The safest place for children younger than 13 is in the back seat. This is because the back seat is furthest away from the point of impact in a frontal crash (frontal crashes are the most common and most dangerous type of collision), and because most vehicles have an airbag that will pop out with a lot of force. Children have been killed or injured by airbags.
If there is no back seat, consider the following:
- Never place a rear-facing car seat in front of an airbag when there is a possibility that it might deploy. Infants and young children have been seriously injured and killed by the front passenger airbag.
- If possible, shut off the airbag. (Ensure that the airbag is on for adult passengers when they are seated in that position). Please note that many airbags cannot be shut off.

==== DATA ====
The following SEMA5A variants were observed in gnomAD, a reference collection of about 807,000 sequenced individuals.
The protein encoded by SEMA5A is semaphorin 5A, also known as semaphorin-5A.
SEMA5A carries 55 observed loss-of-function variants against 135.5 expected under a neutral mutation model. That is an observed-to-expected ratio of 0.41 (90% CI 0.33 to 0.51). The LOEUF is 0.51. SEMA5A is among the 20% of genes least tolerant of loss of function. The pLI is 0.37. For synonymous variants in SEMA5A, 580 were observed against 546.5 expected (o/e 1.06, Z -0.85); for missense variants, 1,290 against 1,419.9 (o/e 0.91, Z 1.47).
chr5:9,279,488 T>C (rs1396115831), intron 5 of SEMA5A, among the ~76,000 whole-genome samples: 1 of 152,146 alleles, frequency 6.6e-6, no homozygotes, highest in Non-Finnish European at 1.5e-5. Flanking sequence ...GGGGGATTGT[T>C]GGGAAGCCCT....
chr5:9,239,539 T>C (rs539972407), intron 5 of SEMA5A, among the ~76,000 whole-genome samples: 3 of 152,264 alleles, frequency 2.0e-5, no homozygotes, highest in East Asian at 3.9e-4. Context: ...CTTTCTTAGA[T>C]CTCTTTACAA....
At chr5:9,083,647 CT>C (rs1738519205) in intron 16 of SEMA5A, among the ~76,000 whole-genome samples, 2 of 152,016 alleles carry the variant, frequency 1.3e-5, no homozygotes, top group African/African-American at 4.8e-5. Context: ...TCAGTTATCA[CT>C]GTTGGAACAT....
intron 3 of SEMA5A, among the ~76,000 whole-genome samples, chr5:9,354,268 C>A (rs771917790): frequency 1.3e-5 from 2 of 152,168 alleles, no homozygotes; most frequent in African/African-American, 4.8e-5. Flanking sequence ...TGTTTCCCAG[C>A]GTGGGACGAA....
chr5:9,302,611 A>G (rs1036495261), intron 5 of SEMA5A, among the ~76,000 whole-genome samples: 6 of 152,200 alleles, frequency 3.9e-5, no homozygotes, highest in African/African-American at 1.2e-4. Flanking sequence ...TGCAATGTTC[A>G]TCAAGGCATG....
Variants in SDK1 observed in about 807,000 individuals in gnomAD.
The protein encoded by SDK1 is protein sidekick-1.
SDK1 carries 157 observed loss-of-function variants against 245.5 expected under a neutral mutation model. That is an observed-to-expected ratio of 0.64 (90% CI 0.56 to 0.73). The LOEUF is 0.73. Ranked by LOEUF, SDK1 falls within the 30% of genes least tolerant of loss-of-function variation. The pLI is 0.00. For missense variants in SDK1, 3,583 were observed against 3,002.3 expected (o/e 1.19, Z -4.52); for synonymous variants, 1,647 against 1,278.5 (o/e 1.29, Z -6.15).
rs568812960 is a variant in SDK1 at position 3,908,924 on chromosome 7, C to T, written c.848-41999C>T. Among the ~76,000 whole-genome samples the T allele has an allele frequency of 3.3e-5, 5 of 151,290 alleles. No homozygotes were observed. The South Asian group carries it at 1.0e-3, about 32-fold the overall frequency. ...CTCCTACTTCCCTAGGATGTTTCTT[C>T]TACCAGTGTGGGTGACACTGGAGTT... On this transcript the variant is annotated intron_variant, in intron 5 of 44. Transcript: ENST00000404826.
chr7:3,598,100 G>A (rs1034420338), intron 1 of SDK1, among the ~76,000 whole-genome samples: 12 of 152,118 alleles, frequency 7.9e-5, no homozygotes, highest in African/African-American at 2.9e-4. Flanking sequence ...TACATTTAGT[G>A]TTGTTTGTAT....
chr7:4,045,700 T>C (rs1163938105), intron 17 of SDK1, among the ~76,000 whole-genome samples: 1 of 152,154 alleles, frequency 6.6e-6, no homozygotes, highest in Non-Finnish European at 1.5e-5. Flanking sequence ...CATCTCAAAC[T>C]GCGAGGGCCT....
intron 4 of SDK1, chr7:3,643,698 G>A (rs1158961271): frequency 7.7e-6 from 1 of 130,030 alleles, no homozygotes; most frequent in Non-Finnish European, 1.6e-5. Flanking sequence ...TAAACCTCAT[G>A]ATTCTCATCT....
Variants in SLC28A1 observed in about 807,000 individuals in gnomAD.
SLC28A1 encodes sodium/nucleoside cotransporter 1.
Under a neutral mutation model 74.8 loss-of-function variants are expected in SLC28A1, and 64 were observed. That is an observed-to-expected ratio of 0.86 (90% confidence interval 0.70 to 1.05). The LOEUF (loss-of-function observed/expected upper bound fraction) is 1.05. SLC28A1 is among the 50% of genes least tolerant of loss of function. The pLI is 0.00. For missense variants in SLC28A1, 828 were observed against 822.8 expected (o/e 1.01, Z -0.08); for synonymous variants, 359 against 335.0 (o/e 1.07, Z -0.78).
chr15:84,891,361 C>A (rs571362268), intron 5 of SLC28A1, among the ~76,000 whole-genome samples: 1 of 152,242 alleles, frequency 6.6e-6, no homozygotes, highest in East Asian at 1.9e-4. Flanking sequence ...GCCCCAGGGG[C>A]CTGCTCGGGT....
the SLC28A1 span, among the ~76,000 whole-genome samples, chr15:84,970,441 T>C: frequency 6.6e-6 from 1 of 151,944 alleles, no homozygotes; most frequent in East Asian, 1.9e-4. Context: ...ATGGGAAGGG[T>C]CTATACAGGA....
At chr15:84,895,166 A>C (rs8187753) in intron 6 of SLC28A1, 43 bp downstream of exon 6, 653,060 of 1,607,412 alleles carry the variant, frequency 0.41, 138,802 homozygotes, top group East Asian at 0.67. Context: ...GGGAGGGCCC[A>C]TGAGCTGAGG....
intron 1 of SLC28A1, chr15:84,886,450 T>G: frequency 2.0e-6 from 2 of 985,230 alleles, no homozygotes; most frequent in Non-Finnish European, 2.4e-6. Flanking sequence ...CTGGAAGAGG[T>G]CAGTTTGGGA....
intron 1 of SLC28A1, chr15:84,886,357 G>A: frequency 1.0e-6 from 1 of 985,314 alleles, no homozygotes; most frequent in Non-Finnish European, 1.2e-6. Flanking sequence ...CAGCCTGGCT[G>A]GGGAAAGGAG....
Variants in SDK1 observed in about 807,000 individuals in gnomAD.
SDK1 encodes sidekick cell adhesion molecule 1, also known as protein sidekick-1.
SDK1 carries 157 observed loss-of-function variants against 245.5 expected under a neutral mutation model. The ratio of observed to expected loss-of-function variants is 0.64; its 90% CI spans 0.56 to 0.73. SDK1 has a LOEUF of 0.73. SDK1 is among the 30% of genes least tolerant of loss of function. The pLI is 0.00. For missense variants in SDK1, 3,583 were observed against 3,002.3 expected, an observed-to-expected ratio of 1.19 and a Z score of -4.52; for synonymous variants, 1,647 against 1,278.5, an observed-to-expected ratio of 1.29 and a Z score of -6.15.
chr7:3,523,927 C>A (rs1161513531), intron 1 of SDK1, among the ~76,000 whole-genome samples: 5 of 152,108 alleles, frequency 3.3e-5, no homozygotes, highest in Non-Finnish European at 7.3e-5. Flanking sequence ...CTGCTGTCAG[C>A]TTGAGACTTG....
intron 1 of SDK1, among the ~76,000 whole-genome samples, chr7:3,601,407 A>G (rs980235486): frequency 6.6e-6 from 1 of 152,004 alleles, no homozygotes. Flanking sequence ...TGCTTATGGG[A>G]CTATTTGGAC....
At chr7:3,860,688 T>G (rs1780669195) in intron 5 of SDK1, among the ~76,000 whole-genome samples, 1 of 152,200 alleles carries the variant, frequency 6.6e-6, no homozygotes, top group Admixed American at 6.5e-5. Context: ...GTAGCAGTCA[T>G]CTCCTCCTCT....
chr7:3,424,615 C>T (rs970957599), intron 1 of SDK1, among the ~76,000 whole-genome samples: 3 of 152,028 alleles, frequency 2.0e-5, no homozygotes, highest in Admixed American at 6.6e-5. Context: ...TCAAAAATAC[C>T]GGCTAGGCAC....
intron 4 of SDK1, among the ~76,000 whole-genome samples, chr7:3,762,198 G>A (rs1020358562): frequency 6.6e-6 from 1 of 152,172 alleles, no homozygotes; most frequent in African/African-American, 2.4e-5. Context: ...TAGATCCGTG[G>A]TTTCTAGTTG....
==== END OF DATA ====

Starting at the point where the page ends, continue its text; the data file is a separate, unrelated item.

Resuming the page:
For a child who is in a booster seat or seat belt:
- Adjust the front passenger seat back as far as it will go.
- Make sure your child is properly buckled up, with the lap belt low and snug over the hips and the shoulder belt across the chest. If your child is too small for the seat belt (under 145 cm) use a booster seat.
- Make sure your child sits up straight.
- Make sure the area between your child and the airbag is clear of all objects, including toys, which could harm your child if the side air bag inflates.
- Check your child’s position frequently throughout the car ride.